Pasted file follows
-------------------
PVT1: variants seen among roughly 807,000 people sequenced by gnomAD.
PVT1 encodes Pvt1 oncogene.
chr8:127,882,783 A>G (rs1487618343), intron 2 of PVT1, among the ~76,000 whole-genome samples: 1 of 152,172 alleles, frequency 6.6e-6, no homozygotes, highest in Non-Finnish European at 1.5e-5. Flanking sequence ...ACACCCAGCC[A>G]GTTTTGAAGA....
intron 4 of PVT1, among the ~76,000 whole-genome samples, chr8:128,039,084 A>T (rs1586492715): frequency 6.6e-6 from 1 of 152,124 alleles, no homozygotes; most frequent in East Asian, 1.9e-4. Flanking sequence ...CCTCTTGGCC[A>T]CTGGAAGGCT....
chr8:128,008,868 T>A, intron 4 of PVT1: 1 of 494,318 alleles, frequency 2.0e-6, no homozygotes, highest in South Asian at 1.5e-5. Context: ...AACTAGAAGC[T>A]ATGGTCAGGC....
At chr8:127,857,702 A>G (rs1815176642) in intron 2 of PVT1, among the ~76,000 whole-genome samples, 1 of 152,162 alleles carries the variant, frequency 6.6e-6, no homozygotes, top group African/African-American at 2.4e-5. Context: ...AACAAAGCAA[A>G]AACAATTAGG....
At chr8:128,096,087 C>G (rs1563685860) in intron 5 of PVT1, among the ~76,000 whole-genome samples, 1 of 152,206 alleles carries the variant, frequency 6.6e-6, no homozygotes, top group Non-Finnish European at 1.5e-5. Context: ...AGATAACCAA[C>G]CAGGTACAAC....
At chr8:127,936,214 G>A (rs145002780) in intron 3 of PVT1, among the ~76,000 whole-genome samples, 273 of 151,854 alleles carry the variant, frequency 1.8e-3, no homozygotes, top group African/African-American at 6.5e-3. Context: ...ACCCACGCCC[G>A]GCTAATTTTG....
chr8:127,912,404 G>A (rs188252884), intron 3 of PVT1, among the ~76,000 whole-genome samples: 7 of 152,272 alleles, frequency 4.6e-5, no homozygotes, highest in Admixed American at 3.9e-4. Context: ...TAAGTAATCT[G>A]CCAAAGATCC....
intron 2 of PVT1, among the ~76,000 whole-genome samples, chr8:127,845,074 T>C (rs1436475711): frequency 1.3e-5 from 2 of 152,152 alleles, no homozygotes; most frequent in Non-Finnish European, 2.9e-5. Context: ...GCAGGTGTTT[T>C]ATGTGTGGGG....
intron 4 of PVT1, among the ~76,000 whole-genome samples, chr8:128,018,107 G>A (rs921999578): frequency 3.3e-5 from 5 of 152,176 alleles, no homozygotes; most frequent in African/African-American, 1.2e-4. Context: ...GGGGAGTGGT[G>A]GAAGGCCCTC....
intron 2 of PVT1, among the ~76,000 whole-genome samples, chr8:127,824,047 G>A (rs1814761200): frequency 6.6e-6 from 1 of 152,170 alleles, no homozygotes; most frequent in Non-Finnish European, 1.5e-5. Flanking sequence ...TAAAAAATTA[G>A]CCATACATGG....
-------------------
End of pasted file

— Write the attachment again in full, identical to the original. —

PVT1: variants seen among roughly 807,000 people sequenced by gnomAD.
PVT1 encodes Pvt1 oncogene.
chr8:127,882,783 A>G (rs1487618343), intron 2 of PVT1, among the ~76,000 whole-genome samples: 1 of 152,172 alleles, frequency 6.6e-6, no homozygotes, highest in Non-Finnish European at 1.5e-5. Flanking sequence ...ACACCCAGCC[A>G]GTTTTGAAGA....
intron 4 of PVT1, among the ~76,000 whole-genome samples, chr8:128,039,084 A>T (rs1586492715): frequency 6.6e-6 from 1 of 152,124 alleles, no homozygotes; most frequent in East Asian, 1.9e-4. Flanking sequence ...CCTCTTGGCC[A>T]CTGGAAGGCT....
chr8:128,008,868 T>A, intron 4 of PVT1: 1 of 494,318 alleles, frequency 2.0e-6, no homozygotes, highest in South Asian at 1.5e-5. Context: ...AACTAGAAGC[T>A]ATGGTCAGGC....
At chr8:127,857,702 A>G (rs1815176642) in intron 2 of PVT1, among the ~76,000 whole-genome samples, 1 of 152,162 alleles carries the variant, frequency 6.6e-6, no homozygotes, top group African/African-American at 2.4e-5. Context: ...AACAAAGCAA[A>G]AACAATTAGG....
At chr8:128,096,087 C>G (rs1563685860) in intron 5 of PVT1, among the ~76,000 whole-genome samples, 1 of 152,206 alleles carries the variant, frequency 6.6e-6, no homozygotes, top group Non-Finnish European at 1.5e-5. Context: ...AGATAACCAA[C>G]CAGGTACAAC....
At chr8:127,936,214 G>A (rs145002780) in intron 3 of PVT1, among the ~76,000 whole-genome samples, 273 of 151,854 alleles carry the variant, frequency 1.8e-3, no homozygotes, top group African/African-American at 6.5e-3. Context: ...ACCCACGCCC[G>A]GCTAATTTTG....
chr8:127,912,404 G>A (rs188252884), intron 3 of PVT1, among the ~76,000 whole-genome samples: 7 of 152,272 alleles, frequency 4.6e-5, no homozygotes, highest in Admixed American at 3.9e-4. Context: ...TAAGTAATCT[G>A]CCAAAGATCC....
intron 2 of PVT1, among the ~76,000 whole-genome samples, chr8:127,845,074 T>C (rs1436475711): frequency 1.3e-5 from 2 of 152,152 alleles, no homozygotes; most frequent in Non-Finnish European, 2.9e-5. Context: ...GCAGGTGTTT[T>C]ATGTGTGGGG....
intron 4 of PVT1, among the ~76,000 whole-genome samples, chr8:128,018,107 G>A (rs921999578): frequency 3.3e-5 from 5 of 152,176 alleles, no homozygotes; most frequent in African/African-American, 1.2e-4. Context: ...GGGGAGTGGT[G>A]GAAGGCCCTC....
intron 2 of PVT1, among the ~76,000 whole-genome samples, chr8:127,824,047 G>A (rs1814761200): frequency 6.6e-6 from 1 of 152,170 alleles, no homozygotes; most frequent in Non-Finnish European, 1.5e-5. Flanking sequence ...TAAAAAATTA[G>A]CCATACATGG....